Karasu. The Crow. Pronounced kar-rah-soo, it gets its name because of its deep, jet black color. An almost completely black koi, this Kawarimono class koi will often have some different colors on the ventral area. Red, orange and yellow are the most common colors, and in some rare instances, white. But as they are usually only seen from above, this interesting feature of the Karasu often goes unnoticed.
Unlike some other koi with black markings, the good news is the sumi of a Karasu rarely fades with time. The black is there for good.
It is important to note what Karasu are not: Karasu are not Magoi. Magoi, the progenitor for the brocaded carp, is a dark, drab koi, devoid of bright colors. Although Magoi are dark-colored koi, they are not the true black that Karasu are. Against lighter backgrounds, Magoi will demonstrate a more dark brown color that looks black against darker backgrounds. It doesn’t matter how light the background is for a Karasu; they are black.
The color black automatically evokes a range of visceral reactions that can be based on cultural tropes or personal sentiment. It’s evil or it’s menacing. It’s Death and it’s the devil. But it’s also the color of seduction, power, elegance, and authority. It is a singular color, able to exist on its own without judgment.
In fact, the Japanese believe black koi to be good luck, an omen of prosperity, bringing wealth and fortune to the owner. Black, and by extension the Karasu, absorb the negative or malevolent energy in a pond, thereby ridding the pond of bad luck and so leaving the positive energy and good luck behind.
There is so much symbolism around the crow. They are raucous, free-spirited, and mysterious. The crow is a harbinger of death and purveyor of fortune. Crows have their own mythology and legend in many different cultures. The Vikings believed them to be a sign of good luck and would use them to navigate on long voyages. The Ancient Greeks believed them to be a prophetic symbol and a sign of good fortune.
The Karasu has also been bred to be black. When and how they first came into being is a story for debate (as often is the case in this hobby!). Some claim that Karasu have been around for many years, while others insist that they were a post-WWII phenomenon that was precipitated by the fallout from the nuclear attack.
As expected, the Karasu divides opinions amongst koi lovers. If you talk to more than a few koi kichi, they will tell you that there’s not really much to tell about this type of koi fish. It’s black. It can be either wagoi (with scales) or doitsu (scaleless), and it comes in both types of finnage, butterfly or regular fins.
In fact, some koi keepers marvel at the fact that anyone would be interested in keeping a karasu at all. Why pay top buck for a fish that you hardly ever see—especially if you have a black liner in your pond?
And they are so plain. Outside of the splash of color on the belly—which you also never see!—they are just plain black fish. The only time you will see them, is when they are at the surface, and there’s no guarantee then, either.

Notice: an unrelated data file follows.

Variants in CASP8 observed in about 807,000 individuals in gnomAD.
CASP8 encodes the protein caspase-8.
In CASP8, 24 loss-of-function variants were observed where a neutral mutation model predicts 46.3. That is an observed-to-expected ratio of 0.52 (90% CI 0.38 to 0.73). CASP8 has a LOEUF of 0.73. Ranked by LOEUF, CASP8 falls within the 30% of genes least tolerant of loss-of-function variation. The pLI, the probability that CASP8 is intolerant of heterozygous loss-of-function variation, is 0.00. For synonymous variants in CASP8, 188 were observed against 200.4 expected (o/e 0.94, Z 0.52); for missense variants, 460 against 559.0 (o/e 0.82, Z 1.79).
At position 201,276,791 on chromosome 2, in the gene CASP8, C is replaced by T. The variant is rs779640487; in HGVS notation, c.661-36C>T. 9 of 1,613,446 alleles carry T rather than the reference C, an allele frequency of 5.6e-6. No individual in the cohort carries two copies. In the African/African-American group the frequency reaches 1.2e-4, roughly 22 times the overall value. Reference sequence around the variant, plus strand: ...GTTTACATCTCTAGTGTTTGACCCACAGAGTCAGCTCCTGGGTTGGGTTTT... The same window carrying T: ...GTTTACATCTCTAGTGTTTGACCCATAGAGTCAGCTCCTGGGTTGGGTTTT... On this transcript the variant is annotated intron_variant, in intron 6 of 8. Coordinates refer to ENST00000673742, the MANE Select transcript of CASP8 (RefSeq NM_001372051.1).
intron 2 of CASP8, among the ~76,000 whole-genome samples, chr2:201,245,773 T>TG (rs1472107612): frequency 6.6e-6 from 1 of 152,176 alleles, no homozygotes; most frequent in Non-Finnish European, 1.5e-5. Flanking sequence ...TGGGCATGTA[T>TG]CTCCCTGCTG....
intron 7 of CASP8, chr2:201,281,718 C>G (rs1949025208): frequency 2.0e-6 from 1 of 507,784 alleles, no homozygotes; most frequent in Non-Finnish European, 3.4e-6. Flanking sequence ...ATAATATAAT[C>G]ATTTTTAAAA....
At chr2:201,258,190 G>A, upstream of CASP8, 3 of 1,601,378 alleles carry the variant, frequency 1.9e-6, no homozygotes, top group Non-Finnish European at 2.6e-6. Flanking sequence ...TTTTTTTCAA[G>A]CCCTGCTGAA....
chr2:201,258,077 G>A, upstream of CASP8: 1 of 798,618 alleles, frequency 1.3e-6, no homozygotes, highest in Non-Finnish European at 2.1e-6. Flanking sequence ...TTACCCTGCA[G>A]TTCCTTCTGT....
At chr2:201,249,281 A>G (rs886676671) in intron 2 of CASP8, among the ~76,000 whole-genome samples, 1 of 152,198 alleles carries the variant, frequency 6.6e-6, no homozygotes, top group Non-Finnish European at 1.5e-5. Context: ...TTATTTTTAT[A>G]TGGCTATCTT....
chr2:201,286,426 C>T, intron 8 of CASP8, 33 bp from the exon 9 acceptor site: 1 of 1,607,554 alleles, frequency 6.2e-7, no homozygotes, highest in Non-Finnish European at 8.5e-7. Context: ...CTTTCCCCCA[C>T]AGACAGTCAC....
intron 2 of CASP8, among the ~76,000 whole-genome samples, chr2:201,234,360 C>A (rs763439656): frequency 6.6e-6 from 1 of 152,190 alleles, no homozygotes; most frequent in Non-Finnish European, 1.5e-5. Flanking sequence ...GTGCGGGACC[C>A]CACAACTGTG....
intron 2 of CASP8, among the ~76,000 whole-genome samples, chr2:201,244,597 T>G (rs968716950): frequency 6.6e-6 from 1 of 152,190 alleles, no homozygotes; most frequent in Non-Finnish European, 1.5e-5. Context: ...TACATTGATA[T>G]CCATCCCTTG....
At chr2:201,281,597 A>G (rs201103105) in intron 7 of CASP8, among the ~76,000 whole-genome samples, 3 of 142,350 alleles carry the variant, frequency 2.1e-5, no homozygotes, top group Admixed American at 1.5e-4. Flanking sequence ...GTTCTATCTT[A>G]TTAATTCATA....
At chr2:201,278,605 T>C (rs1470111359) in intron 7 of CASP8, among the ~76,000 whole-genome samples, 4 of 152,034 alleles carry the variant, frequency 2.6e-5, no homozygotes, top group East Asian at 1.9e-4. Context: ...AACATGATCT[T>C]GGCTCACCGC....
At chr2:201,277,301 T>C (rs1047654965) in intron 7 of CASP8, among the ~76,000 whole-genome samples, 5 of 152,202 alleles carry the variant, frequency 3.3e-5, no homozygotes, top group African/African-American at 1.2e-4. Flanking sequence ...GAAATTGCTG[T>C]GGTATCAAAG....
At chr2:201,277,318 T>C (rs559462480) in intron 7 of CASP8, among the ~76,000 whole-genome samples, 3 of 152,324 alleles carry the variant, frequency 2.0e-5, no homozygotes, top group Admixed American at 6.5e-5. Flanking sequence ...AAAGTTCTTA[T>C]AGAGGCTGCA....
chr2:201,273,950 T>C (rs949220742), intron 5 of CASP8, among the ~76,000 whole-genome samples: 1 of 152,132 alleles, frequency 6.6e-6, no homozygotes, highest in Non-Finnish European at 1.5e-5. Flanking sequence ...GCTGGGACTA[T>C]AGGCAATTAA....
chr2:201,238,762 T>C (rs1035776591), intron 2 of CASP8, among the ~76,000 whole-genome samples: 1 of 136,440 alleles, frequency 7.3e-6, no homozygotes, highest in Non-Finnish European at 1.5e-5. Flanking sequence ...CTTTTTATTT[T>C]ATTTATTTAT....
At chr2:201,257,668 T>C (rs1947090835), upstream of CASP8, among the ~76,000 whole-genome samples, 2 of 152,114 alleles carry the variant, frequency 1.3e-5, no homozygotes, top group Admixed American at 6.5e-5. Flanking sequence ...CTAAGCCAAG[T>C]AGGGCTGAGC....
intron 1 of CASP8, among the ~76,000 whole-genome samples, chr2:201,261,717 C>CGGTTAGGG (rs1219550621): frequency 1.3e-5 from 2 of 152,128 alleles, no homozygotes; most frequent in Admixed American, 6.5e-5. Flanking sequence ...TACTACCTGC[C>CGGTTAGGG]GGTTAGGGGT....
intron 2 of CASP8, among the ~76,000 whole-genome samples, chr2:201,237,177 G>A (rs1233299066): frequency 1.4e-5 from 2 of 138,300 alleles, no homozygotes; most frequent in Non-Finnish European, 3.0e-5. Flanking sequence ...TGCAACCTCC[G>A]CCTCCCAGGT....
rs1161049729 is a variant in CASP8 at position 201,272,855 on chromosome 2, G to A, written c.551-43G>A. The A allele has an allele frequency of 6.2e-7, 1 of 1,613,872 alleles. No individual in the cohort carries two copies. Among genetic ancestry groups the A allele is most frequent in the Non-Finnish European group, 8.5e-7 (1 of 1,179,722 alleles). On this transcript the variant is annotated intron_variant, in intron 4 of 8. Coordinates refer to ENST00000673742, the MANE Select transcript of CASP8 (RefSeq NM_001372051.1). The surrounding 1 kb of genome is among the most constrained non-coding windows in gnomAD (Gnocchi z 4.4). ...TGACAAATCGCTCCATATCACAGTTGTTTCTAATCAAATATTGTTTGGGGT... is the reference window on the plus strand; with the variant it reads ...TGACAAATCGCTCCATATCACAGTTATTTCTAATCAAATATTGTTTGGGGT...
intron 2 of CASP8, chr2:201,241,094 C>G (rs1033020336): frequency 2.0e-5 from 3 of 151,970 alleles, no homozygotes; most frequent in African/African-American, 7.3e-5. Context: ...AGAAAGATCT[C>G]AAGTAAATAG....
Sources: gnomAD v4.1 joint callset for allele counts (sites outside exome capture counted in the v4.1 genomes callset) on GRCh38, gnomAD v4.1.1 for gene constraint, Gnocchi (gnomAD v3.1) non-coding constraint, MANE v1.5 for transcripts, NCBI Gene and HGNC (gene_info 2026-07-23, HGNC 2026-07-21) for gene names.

But there are others who are mesmerized by the elegant black beauty of the Karasu. They are enigmatic. Whereas an Ogon can all but be seen from outer space with the naked eye, leaving nothing to the imagination, the Karasu darts in and out of sight, making the casual observer question if they saw what they thought they saw. And when the sun does reflect off the black, it can be mesmerizing.
In recent years, however, this black-hued koi has become increasingly popular in koi kichi ponds. There is beauty in the subtlety of the Karasu.
They are true black koi, and the appreciation of the koi’s simplicity is often something that becomes more pointed as koi keepers’ tastes develop over time. The contrast that they offer is the yin to the colorful yang of the more traditional style of koi.
What To Look for in a Karasu
Because Karasu is a monochromatic koi (at least when viewed from above), the color itself becomes extremely important. The black should be deep. The deeper the better. It has to be blemish free and a vibrant black. Any imperfection will immediately be visible against the black background.
The same goes for the finnage. It should not be torn or ripped. The fins should have no color at the tips or fanning out through the fin.
The color on the belly, if any, should be minimal. Again, red, orange or yellow are the most common colors found on the underside of a Karasu. Occasionally, there will be a white belly, but it is extremely rare.
The area around the eyes should also be black. There can’t be any imperfections in the coloration because it will be immediately apparent, detracting from the uniformity and depth of the black.
Karasu keepers also remind those thinking about adding a crow to the pond that clear water is a huge bonus for seeing this type of koi. It is much easier to miss a Karasu in murky water.
A well-cared-for Karasu can reach three feet in length. They also tend to be very easy going koi. Feeding Karasu color-enhancing food, although seemingly a good idea, doesn’t do much for their overall hue.
Whatever your thoughts are about the spectacularly black Karasu, a healthy, happy monochromatic koi adds an interestingly different dynamic to any pond. Think of a lustrous Platinum Ogon and a jet black Karasu side by side. They are very much like the Yin and Yang in a koi pond. And if nothing else, a Karasu and the flash of midnight it looks like in a pond, is a terrific conversation starter.